We recently got some interest again in developing Strict and got some freelancer help. Our job posts for full-time Compiler Engineers and a C# TDD Developer for our main project are still open: The intelligent robot arm.
Last time I talked about parsing libraries like Pidgin, Sprache and Superpower. The main idea still stands: Don't use the external lexer/parser code generator tools. Instead use combinational parsers and do everything in one go, the current code base shows this very nicely. To be honest I was a bit stuck last year with the supersimple approach of just fixing one test at a time until I ran into trouble with not looking forward or backward in the parser, which is very much needed for expressions in method bodies. We now have a custom tokenizer (thanks to Alexandre) and parsing solution again and things seem to work out.
The main reason nothing happened with Strict this year yet is simply that I have been busy 24/7 with the AI and robotics work, there was absolutely no time for anything else. Plus we recently trying to add some employees and there is a lot of interviews and teaching, learning, code reviews, etc. going on. Abir helps a lot with that recently.
The Strict documentation is still mostly valid, even my C# Coding Guidelines from 2012 are still used for every new programmer that joins the team and they have not changed much in the past 10 years. However recently in interviews applicants noticed that we could be more clear about the current state, what works, what is next, what are the immediate next steps. Hopefully this blog post helps a bit. I will also edit the Documentation once we have more things working (e.g. the tokenizer work from today), I hope the other Strict-ers can also join the fun and help out with writing up what is going on. Wiki and Websites will always be important for Strict as the source code is not allowed to contain any comments, it all has to be on the web instead (AI won't read or understand that anyway atm).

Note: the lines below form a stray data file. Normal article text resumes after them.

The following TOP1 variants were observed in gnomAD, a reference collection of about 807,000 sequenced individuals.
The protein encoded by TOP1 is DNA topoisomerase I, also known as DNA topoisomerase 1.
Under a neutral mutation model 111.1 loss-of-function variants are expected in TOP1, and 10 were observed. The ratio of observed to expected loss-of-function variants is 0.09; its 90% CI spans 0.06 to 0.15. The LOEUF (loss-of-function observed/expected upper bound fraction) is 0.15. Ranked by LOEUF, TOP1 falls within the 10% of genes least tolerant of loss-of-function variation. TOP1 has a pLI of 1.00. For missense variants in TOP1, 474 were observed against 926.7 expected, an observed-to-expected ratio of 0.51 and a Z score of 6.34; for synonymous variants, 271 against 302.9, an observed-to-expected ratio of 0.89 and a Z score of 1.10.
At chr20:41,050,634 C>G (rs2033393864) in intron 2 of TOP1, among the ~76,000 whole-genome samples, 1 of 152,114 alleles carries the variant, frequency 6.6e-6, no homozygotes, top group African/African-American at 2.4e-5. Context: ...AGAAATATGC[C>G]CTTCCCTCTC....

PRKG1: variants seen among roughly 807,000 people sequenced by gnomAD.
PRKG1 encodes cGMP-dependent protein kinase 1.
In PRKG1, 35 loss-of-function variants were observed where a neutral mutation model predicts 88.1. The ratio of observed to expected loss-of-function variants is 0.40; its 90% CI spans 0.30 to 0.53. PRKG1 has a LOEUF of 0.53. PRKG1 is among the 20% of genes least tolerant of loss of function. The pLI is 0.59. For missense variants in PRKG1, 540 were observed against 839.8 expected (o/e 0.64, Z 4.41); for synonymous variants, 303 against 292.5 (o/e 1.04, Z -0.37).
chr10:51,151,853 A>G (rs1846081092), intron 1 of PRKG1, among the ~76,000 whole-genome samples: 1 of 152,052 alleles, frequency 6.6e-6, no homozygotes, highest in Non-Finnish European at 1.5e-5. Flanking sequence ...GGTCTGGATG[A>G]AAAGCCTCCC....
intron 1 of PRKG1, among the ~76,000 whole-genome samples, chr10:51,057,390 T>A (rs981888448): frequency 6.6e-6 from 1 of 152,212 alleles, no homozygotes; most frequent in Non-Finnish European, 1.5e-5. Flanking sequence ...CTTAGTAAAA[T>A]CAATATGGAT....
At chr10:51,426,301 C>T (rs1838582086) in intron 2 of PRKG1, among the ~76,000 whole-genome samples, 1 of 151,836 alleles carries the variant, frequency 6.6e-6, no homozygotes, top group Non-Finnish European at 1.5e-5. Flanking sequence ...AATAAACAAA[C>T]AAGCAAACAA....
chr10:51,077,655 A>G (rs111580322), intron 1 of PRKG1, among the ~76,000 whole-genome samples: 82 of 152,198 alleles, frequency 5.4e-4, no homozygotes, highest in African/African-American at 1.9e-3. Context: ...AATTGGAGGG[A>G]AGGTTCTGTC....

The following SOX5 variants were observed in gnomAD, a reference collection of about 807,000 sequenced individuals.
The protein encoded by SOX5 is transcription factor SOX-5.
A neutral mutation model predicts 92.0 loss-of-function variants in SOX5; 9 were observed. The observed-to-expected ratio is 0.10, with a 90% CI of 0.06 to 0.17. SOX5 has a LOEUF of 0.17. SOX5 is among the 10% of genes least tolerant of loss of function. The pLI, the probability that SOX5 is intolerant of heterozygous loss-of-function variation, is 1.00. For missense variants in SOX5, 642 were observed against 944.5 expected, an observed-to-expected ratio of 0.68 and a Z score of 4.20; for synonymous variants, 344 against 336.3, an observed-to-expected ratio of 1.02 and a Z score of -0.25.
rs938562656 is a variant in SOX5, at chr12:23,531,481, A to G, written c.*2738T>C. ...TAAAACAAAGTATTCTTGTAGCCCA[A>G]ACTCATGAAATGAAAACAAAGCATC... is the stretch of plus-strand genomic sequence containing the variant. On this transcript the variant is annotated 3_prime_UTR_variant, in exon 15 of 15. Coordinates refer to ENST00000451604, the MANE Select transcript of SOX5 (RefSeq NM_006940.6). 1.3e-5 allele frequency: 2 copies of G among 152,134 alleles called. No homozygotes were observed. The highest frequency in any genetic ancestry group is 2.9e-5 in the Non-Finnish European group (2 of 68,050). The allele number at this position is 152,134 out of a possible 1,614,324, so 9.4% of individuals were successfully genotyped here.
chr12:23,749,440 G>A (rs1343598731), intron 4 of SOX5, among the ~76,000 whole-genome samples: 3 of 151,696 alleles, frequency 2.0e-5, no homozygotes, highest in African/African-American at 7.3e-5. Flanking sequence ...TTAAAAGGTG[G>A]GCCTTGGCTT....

Coverage not at 100%
Instead of pushing the coverage back to 100% with the mess I left behind last year with the tokenizer only working for simple usecases by commenting out problems and barely getting it up and working again, I moved all the commented out code and TODOs back and we should fix them one by one. Not much work really .. however there is plenty of unfinished stuff with both the backend (e.g. c# or c++ code generation) and the virtual machine (mostly not done, just some low level tests).
I added some Cuda experiments late last year and they are very promising, we could easily parallize any code that makes sense to parallize (big loops, neural networks, math, matrices) by running on Gpu or Cpu or both. We have quite a lot of decent computers in the office as well and connecting them all up with our own networking stack (Tachyon, very much a faster version of SignalR), similar to NCrunch work queue servers. This is not easy and we will probably revisit this much later this year. However the Cuda stuff has made some advances this year, we created our own internal repositories for our engine and AI work to handle Cuda code more easily. Still mostly hand-written, but there is also great help with libraries like cudnn that provide most of the math we need for neural networks. Maybe in Q3 we can check this out for Strict as well.